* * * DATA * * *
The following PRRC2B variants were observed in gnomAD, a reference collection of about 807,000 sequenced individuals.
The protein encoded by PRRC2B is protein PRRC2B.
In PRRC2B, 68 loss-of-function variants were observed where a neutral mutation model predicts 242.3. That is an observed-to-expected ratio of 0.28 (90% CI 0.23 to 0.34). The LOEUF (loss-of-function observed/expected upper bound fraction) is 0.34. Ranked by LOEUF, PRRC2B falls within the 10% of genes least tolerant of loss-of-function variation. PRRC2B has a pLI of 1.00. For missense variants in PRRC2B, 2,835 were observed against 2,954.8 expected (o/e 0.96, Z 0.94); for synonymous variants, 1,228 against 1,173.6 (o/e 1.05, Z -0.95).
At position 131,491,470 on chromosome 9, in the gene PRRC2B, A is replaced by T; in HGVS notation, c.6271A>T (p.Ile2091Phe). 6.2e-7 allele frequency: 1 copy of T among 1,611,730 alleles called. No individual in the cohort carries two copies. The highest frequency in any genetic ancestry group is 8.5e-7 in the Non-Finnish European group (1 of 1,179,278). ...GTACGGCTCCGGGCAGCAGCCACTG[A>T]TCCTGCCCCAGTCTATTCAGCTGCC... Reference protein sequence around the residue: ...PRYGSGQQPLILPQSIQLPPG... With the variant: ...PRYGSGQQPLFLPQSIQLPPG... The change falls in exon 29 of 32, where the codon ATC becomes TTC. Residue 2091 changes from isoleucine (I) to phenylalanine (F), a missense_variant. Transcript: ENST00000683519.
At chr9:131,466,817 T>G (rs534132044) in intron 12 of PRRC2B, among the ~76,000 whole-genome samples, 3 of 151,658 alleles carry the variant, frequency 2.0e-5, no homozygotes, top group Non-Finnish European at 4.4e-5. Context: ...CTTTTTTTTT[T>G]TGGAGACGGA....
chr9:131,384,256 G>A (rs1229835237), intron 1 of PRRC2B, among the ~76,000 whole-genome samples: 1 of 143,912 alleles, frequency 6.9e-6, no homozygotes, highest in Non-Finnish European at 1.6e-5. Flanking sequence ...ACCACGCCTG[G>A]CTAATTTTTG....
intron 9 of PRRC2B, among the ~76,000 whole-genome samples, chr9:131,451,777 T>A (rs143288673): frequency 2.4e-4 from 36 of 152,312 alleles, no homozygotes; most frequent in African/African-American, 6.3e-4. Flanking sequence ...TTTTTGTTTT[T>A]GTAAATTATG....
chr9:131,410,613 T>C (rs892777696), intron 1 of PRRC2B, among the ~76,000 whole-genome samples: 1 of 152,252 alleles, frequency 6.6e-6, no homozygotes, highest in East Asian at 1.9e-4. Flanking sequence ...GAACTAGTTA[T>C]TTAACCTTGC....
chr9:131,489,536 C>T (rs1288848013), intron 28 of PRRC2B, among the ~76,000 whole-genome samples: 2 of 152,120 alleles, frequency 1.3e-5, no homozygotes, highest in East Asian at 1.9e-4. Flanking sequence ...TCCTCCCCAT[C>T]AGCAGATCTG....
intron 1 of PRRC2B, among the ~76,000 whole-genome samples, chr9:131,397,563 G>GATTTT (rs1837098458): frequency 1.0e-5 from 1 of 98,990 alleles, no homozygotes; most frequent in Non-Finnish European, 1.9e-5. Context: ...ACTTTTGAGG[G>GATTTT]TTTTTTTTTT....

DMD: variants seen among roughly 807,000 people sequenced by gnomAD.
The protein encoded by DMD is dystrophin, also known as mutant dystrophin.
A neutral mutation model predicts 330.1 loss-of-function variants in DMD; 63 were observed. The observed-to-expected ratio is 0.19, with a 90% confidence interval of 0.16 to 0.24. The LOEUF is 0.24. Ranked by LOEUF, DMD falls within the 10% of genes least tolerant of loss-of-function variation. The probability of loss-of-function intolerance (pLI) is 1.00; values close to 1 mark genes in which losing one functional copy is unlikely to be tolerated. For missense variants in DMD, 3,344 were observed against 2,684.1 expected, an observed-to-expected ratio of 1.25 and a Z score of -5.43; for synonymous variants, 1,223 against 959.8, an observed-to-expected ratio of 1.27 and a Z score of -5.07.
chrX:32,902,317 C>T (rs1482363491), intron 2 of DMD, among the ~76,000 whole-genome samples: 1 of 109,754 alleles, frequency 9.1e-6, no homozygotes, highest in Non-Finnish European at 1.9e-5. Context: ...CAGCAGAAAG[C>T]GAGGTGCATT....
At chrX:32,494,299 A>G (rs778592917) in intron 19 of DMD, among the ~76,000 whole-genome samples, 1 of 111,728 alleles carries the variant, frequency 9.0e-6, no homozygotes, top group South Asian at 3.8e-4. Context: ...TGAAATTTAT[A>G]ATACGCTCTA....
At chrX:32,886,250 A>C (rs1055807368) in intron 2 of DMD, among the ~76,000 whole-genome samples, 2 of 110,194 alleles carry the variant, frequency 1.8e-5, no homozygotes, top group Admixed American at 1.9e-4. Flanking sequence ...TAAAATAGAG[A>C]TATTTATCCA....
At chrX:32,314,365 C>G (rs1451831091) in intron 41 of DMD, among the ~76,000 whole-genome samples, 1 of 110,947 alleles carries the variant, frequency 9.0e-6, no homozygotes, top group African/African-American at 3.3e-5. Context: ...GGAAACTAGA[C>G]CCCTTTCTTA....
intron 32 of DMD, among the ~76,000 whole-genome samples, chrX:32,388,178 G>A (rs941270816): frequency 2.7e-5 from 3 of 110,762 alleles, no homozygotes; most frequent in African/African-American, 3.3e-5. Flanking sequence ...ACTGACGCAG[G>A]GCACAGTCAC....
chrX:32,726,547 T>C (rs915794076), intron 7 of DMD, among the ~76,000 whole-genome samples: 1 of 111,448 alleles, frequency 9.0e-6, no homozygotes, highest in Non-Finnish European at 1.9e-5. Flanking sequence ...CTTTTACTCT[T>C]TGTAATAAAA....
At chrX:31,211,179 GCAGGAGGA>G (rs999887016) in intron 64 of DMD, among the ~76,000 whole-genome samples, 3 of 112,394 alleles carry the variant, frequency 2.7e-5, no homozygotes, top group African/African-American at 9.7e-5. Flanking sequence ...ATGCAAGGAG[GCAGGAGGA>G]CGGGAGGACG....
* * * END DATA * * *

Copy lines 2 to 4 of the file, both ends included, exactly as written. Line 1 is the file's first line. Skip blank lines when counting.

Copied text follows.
The protein encoded by PRRC2B is protein PRRC2B.
In PRRC2B, 68 loss-of-function variants were observed where a neutral mutation model predicts 242.3. That is an observed-to-expected ratio of 0.28 (90% CI 0.23 to 0.34). The LOEUF (loss-of-function observed/expected upper bound fraction) is 0.34. Ranked by LOEUF, PRRC2B falls within the 10% of genes least tolerant of loss-of-function variation. PRRC2B has a pLI of 1.00. For missense variants in PRRC2B, 2,835 were observed against 2,954.8 expected (o/e 0.96, Z 0.94); for synonymous variants, 1,228 against 1,173.6 (o/e 1.05, Z -0.95).
At position 131,491,470 on chromosome 9, in the gene PRRC2B, A is replaced by T; in HGVS notation, c.6271A>T (p.Ile2091Phe). 6.2e-7 allele frequency: 1 copy of T among 1,611,730 alleles called. No individual in the cohort carries two copies. The highest frequency in any genetic ancestry group is 8.5e-7 in the Non-Finnish European group (1 of 1,179,278). ...GTACGGCTCCGGGCAGCAGCCACTG[A>T]TCCTGCCCCAGTCTATTCAGCTGCC... Reference protein sequence around the residue: ...PRYGSGQQPLILPQSIQLPPG... With the variant: ...PRYGSGQQPLFLPQSIQLPPG... The change falls in exon 29 of 32, where the codon ATC becomes TTC. Residue 2091 changes from isoleucine (I) to phenylalanine (F), a missense_variant. Transcript: ENST00000683519.